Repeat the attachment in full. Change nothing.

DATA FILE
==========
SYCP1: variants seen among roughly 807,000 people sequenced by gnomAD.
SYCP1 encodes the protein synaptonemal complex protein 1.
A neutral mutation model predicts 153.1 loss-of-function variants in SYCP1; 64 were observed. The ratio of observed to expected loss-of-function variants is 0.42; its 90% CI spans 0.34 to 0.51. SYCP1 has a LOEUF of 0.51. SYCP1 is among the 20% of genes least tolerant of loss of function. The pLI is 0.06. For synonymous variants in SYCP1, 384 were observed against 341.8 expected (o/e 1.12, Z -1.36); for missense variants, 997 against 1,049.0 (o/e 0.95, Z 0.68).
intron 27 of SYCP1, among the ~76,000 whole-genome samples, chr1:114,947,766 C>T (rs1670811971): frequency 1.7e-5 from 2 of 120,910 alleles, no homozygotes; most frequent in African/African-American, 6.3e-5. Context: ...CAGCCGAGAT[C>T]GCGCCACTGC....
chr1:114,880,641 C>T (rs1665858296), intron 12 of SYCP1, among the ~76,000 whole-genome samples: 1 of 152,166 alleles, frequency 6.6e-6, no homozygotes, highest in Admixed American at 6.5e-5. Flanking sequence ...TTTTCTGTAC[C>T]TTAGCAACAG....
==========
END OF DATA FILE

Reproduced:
SYCP1: variants seen among roughly 807,000 people sequenced by gnomAD.
SYCP1 encodes the protein synaptonemal complex protein 1.
A neutral mutation model predicts 153.1 loss-of-function variants in SYCP1; 64 were observed. The ratio of observed to expected loss-of-function variants is 0.42; its 90% CI spans 0.34 to 0.51. SYCP1 has a LOEUF of 0.51. SYCP1 is among the 20% of genes least tolerant of loss of function. The pLI is 0.06. For synonymous variants in SYCP1, 384 were observed against 341.8 expected (o/e 1.12, Z -1.36); for missense variants, 997 against 1,049.0 (o/e 0.95, Z 0.68).
intron 27 of SYCP1, among the ~76,000 whole-genome samples, chr1:114,947,766 C>T (rs1670811971): frequency 1.7e-5 from 2 of 120,910 alleles, no homozygotes; most frequent in African/African-American, 6.3e-5. Context: ...CAGCCGAGAT[C>T]GCGCCACTGC....
chr1:114,880,641 C>T (rs1665858296), intron 12 of SYCP1, among the ~76,000 whole-genome samples: 1 of 152,166 alleles, frequency 6.6e-6, no homozygotes, highest in Admixed American at 6.5e-5. Flanking sequence ...TTTTCTGTAC[C>T]TTAGCAACAG....